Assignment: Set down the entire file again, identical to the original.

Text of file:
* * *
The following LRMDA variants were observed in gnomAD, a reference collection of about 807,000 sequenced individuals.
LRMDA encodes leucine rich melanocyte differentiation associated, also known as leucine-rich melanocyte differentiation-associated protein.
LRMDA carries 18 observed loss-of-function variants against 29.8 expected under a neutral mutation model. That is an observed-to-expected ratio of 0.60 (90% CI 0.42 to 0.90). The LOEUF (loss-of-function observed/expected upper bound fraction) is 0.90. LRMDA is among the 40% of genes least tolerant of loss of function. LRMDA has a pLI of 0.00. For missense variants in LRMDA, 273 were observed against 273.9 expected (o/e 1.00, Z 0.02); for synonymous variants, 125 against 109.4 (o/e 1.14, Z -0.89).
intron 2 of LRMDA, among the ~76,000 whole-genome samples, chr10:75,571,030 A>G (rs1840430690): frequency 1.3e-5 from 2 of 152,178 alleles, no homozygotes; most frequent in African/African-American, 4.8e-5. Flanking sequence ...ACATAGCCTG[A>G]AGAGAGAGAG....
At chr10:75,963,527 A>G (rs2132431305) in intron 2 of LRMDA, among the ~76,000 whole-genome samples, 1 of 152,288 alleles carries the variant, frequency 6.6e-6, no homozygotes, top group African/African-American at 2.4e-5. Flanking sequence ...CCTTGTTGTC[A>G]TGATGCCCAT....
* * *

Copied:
The following LRMDA variants were observed in gnomAD, a reference collection of about 807,000 sequenced individuals.
LRMDA encodes leucine rich melanocyte differentiation associated, also known as leucine-rich melanocyte differentiation-associated protein.
LRMDA carries 18 observed loss-of-function variants against 29.8 expected under a neutral mutation model. That is an observed-to-expected ratio of 0.60 (90% CI 0.42 to 0.90). The LOEUF (loss-of-function observed/expected upper bound fraction) is 0.90. LRMDA is among the 40% of genes least tolerant of loss of function. LRMDA has a pLI of 0.00. For missense variants in LRMDA, 273 were observed against 273.9 expected (o/e 1.00, Z 0.02); for synonymous variants, 125 against 109.4 (o/e 1.14, Z -0.89).
intron 2 of LRMDA, among the ~76,000 whole-genome samples, chr10:75,571,030 A>G (rs1840430690): frequency 1.3e-5 from 2 of 152,178 alleles, no homozygotes; most frequent in African/African-American, 4.8e-5. Flanking sequence ...ACATAGCCTG[A>G]AGAGAGAGAG....
At chr10:75,963,527 A>G (rs2132431305) in intron 2 of LRMDA, among the ~76,000 whole-genome samples, 1 of 152,288 alleles carries the variant, frequency 6.6e-6, no homozygotes, top group African/African-American at 2.4e-5. Flanking sequence ...CCTTGTTGTC[A>G]TGATGCCCAT....